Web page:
15/06/2007 | by admin
By Byron Loker
With his uncluttered style and wry look on
the craziness of a surfer’s life in modern South
Africa, Byron Loker is reminiscent of a young,
surfing, slightly-less-fucked-up Charles
Bukowski. His work is modern-day South African Beat, easy to read,
sharply observed, engaging, sad, but also very funny.
Loker’s work has been published before in surf magazines and
journals, and it was only a matter of time until this book came
out. He was studied under the revered South African author, Andre
Brink at the University of Cape Town’s Creative Writing Course and
is their most successful graduate to date. His writing is about life,
and surfing is a part of his life, so expect plenty of wave wandering,
as well as vignettes on living in a world full of strange, often
There is an excellent story about car guards, an intrinsic
part of a surfer’s life in South Africa. While many surfers
begrudge paying these guys, if there were no informal car
guards around our car parks, most of us would be getting
ripped off before we even hit the water. They are usually big
characters, and Byron takes us inside their world through one
guy he became friends with.
There’s a very funny, poignant story of one of his drunken
friends who falls in love with a beautiful girl and heads off up the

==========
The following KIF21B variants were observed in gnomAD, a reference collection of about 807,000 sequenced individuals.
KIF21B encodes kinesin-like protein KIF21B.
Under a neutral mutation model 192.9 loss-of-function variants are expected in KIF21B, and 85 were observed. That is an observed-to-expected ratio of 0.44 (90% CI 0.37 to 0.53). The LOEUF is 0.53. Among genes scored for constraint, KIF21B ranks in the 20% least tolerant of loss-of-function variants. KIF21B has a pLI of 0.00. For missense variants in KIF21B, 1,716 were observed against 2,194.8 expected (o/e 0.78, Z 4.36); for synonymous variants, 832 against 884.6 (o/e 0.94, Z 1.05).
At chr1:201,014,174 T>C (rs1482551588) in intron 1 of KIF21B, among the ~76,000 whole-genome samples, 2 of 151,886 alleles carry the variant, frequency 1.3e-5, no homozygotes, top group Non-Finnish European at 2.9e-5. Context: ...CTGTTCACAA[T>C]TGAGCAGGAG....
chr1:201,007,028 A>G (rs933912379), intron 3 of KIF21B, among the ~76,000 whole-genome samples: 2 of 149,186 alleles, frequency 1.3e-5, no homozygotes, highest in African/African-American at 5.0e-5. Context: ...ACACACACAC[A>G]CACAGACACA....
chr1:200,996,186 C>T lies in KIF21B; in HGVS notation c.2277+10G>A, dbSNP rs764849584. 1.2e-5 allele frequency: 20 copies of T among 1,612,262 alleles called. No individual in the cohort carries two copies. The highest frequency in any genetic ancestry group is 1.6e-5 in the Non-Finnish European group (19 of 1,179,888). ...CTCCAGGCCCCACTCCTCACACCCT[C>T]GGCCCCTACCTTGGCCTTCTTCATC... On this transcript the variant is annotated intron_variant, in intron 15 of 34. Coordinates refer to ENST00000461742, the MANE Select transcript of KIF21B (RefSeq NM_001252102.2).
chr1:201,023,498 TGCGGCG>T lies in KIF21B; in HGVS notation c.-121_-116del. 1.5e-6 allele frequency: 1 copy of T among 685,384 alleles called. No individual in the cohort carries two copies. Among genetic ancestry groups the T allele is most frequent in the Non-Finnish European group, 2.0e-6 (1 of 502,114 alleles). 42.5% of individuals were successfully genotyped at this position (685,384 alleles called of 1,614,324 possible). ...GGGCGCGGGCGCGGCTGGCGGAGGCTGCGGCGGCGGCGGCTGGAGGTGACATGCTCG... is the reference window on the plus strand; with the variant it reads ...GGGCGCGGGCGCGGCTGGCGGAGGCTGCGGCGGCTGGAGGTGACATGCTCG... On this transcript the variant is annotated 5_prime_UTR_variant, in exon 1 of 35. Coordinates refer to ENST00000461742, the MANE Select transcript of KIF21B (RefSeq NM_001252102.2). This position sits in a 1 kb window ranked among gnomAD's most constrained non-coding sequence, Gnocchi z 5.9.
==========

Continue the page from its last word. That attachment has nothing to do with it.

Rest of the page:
coast to find her. His car breaks down and jams in reverse and he
continues on his way, driving backwards as far as he can until he
eventually gives up and dumps the car by the side of the road.
Then there are the tragic-comic stories, like the one about
the domestic workers who look after the flats he lives in, and how
he comes across them from time to time while going surfing or
checking the waves. Gradually, his life gets pulled into theirs, and a
myriad of crazy, tragic situations unfold.
There are South African Police roadblocks, and cops convinced
that they’d found a huge marijuana stash on the Transkei border,
when in fact it’s Loker and friend’s wet wetsuits stinking inside
black bags. There’s the terrible train accident on the line just
opposite the fine long walls of Elands Bay on the West Coast, and
there’s the joy of simply going surfing and washing away the
troubles of being a young surfer trying to fi nd his way in life. Loker cuts to the chase in a way that would get even the most hardened
of cynics smiling.
If you want to an insight into what being a surfer in South
Africa is all about, or just enjoy Loker celebrating the surfing
life in the chaos of today’s South Africa, then read this book. It’ll
make you smile, and smiling is good for you.
– Craig Jarvis